11.12.2013

Star Wars #11 [The Wood Pile]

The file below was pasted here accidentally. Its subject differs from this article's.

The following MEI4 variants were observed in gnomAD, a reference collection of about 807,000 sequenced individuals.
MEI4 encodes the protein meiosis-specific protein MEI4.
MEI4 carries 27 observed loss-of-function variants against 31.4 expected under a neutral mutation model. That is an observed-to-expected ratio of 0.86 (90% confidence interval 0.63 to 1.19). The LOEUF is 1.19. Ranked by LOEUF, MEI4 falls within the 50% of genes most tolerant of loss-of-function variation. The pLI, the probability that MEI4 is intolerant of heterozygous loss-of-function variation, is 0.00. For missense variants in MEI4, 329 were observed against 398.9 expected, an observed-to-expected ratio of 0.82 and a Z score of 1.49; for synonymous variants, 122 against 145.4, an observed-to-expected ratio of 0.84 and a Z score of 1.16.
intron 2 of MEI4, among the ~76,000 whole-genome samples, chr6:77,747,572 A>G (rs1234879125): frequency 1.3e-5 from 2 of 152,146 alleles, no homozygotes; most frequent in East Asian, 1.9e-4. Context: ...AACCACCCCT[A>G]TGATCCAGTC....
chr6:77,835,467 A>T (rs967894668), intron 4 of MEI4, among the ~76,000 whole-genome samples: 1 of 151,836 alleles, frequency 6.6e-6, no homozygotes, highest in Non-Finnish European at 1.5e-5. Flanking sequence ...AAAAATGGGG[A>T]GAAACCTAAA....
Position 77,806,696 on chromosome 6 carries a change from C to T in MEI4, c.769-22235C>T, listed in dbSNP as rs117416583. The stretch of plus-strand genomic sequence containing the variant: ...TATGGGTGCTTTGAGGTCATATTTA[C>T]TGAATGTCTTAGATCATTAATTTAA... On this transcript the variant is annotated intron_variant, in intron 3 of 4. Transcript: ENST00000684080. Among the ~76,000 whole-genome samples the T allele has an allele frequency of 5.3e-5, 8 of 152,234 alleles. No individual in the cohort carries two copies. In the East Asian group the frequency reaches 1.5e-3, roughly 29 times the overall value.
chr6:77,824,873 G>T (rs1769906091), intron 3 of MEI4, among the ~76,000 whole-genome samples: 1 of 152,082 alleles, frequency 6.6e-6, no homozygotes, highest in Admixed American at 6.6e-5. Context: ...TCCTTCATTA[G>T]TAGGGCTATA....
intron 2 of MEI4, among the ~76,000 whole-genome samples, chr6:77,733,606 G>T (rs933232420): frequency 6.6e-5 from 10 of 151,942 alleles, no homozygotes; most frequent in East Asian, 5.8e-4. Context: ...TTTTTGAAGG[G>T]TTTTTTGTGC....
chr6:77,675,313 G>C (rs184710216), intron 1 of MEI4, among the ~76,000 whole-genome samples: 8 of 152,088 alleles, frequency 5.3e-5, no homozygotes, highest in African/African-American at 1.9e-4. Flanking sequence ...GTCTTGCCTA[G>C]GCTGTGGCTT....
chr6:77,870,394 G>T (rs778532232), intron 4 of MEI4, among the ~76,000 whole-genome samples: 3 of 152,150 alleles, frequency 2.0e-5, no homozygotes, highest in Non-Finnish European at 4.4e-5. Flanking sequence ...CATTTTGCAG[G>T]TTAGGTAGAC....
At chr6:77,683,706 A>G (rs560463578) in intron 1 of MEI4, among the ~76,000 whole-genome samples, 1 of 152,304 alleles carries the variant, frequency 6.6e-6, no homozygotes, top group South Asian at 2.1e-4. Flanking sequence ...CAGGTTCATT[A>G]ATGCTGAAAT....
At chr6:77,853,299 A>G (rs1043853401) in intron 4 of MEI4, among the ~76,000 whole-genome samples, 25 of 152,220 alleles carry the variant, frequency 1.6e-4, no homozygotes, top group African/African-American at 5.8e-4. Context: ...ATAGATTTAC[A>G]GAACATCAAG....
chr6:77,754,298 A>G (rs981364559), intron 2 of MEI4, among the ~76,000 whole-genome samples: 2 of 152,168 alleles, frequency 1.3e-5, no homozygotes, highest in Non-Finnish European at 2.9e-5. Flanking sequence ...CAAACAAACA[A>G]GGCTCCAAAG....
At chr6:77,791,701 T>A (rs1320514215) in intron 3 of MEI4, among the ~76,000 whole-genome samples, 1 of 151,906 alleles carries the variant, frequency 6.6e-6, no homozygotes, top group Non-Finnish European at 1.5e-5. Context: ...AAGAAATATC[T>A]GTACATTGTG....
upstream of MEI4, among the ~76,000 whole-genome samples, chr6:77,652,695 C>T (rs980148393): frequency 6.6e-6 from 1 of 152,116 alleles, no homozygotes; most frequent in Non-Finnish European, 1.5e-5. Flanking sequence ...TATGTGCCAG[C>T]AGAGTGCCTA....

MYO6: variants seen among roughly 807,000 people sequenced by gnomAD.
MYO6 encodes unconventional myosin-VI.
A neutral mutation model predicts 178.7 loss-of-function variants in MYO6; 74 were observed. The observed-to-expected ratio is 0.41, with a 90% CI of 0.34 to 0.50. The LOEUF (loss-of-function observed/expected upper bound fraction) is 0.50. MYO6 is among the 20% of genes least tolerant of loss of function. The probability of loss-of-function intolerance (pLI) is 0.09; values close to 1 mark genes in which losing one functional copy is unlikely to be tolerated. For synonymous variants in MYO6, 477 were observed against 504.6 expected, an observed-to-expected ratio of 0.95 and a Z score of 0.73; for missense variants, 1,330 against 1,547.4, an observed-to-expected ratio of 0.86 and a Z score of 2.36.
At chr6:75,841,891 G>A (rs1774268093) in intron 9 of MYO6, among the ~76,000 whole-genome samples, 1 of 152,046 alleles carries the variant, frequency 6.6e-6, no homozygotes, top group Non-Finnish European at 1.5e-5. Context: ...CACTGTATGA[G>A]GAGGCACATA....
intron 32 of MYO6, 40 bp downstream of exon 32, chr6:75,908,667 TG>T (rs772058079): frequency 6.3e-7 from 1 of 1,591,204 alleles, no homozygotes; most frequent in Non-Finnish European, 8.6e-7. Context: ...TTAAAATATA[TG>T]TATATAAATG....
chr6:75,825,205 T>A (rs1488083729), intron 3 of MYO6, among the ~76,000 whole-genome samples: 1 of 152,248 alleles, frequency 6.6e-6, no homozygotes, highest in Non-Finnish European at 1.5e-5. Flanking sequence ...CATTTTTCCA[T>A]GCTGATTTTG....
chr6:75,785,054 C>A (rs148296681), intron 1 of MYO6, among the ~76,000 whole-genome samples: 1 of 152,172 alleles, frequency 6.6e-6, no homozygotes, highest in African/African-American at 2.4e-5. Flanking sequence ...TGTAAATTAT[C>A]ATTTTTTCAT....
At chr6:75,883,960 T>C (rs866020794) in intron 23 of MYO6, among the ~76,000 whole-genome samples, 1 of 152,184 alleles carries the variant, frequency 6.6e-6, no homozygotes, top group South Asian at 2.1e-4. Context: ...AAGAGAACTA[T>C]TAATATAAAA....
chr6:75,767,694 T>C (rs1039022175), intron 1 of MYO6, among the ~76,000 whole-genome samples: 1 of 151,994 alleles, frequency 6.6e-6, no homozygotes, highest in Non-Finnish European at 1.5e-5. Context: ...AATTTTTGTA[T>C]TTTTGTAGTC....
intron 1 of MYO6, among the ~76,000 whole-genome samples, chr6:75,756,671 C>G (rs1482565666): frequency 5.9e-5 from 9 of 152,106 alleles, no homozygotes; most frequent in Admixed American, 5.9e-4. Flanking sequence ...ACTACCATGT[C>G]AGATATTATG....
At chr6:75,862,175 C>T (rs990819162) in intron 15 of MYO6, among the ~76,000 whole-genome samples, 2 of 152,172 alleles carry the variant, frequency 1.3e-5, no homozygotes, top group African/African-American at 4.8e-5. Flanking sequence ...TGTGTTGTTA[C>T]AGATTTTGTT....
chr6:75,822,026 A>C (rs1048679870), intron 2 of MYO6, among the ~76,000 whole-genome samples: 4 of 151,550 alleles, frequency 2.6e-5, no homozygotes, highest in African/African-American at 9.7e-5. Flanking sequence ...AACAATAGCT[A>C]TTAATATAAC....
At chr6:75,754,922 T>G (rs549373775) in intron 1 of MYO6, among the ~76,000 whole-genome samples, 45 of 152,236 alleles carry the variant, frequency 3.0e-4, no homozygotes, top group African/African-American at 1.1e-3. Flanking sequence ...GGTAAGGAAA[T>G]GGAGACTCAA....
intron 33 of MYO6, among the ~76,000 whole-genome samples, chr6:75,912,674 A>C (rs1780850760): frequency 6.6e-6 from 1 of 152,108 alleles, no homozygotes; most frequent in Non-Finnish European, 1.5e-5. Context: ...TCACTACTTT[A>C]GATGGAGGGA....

Star Wars #11 (Dark Horse): I love this book! If you’re talking sheer unqualified enjoyment, then this is the book I most look forward to reading every month. It’s like some sort of confectionary treat that delights the eyes and tickles the brain and makes you squee with uncontrollable fanboy glee. When I read this book, I get that nostalgic feeling that I’m witnessing something so pure and concentrated, for the very first time. My mind always drifts back to being 6 years old and what it felt like sitting in the theatre watching Empire Strikes Back on the big screen (I was a little too young to catch Star Wars in the theatre), and even getting choked up with emotion when Han was frozen in carbonite. I always hesitate to use terms like “perfect” or “flawless,” but Brian Wood and Carlos D’Anda’s time on this book makes it so tempting. This issue is non-stop action and engagement, with Birrah Seah fleeing Darth Vader’s wrath after failing at her task to snare a couple of young rebels (one of them called Skywalker), Imperial Star Destroyer Devastator assaulting the Rebel Fleet in that cocksure way the Empire does so well, Luke and Wedge trying to sneak their way back to the fleet hiding in plain sight in TIE Interceptors, and Perla making Han an offer he simply can’t refuse, half out of grounded pragmatism, and half out of smuggler's awe. The entire issue is basically one long succession of little moments that made me smile and chuckle to myself about what a great time I was having reading the book. D’Anda’s action is always crystal clear and full of little details that “sell” what he’s rendering, thinking through things like the depiction of the energy shield around the Mon Calamari Cruiser, and what blasts would look like impacting that. I really liked the shots of Mon Mothma getting jostled around in the corridors of Home One on her way to the War Room/Ops Center where she looked so svelte in her trench coat, the lone woman commanding the other (male) rebel officers on duty. This is hands down the coolest that Mon Mothma has ever looked. D’Anda took what could otherwise come off as dated designs for her and gave her a regal but utilitarian edge that’s an instant hit. Princess Leia is returning from her time away at the remnants of Alderaan and comes in hot to the hangar bay. All of the ships that make these combat landings into the hangar bay are examples of the many moments where the book elevates itself beyond mere writing proficiency and artistic skill and just taps into an indescribable “cool” factor. While Wood is busy lacing the story with auditory callbacks like “cut the chatter” and “lock s-foils in attack position” to line up his LucasFilm consistencies, D’Anda brings so much visual thunder. There’s the close-up on Luke’s face as he’s asking about Prithi, how the rebel pilots' helmets look so used and battered and grimy compared to the pristine gleam of the Interceptor pilots, the way that he draws a panel with an X-Wing pilot upside down because without gravity there’s really no “right side up” in space, and all of the crazy skewed panel angles and camera placements that emphasize the chaos and claustrophobic disorientation of the target-rich space battles. You can hardly catch your breath and keep frenetic pace with everything that’s happening in this issue and the amazing visual wonderland, so when the final startling reveal occurs, all you have left is the ability to just flip the page back and forth to verify you're reading what you think you're reading and then bellow out a joyous “WTF?!” at what happened, one which instantly makes you want to go back and reread the entire series to look for clues or how this new information might color a second reading. Brian Wood and Carlos D’Anda’s Star Wars run has taken the prize for the most “A+” marks I’ve ever given any series. It truly has it all, brains, action, and heart. It captures a sense of fun and sensory immersion that sort of defies critique and embodies what these types of comics are supposed to be all about - escapist wonderment. If you’re not buying it, you’re missing one of the highest watermarks the property has ever attained. Grade A+.

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